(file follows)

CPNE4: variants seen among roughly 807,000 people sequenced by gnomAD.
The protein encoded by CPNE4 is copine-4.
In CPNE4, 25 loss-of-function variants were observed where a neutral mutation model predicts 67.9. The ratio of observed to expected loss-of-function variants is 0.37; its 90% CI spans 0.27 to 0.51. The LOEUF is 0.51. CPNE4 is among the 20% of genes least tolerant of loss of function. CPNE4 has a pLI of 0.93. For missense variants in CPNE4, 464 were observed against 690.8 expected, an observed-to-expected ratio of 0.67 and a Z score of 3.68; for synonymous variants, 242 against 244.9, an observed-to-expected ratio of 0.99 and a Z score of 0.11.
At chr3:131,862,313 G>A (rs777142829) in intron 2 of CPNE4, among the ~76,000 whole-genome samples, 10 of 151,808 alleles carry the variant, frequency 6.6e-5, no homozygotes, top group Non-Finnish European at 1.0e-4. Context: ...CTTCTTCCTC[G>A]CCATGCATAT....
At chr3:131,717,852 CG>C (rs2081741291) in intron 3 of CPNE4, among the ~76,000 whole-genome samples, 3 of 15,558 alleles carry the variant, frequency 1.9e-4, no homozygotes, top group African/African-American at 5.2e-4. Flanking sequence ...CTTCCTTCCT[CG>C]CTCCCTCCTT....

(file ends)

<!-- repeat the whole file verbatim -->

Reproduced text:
CPNE4: variants seen among roughly 807,000 people sequenced by gnomAD.
The protein encoded by CPNE4 is copine-4.
In CPNE4, 25 loss-of-function variants were observed where a neutral mutation model predicts 67.9. The ratio of observed to expected loss-of-function variants is 0.37; its 90% CI spans 0.27 to 0.51. The LOEUF is 0.51. CPNE4 is among the 20% of genes least tolerant of loss of function. CPNE4 has a pLI of 0.93. For missense variants in CPNE4, 464 were observed against 690.8 expected, an observed-to-expected ratio of 0.67 and a Z score of 3.68; for synonymous variants, 242 against 244.9, an observed-to-expected ratio of 0.99 and a Z score of 0.11.
At chr3:131,862,313 G>A (rs777142829) in intron 2 of CPNE4, among the ~76,000 whole-genome samples, 10 of 151,808 alleles carry the variant, frequency 6.6e-5, no homozygotes, top group Non-Finnish European at 1.0e-4. Context: ...CTTCTTCCTC[G>A]CCATGCATAT....
At chr3:131,717,852 CG>C (rs2081741291) in intron 3 of CPNE4, among the ~76,000 whole-genome samples, 3 of 15,558 alleles carry the variant, frequency 1.9e-4, no homozygotes, top group African/African-American at 5.2e-4. Flanking sequence ...CTTCCTTCCT[CG>C]CTCCCTCCTT....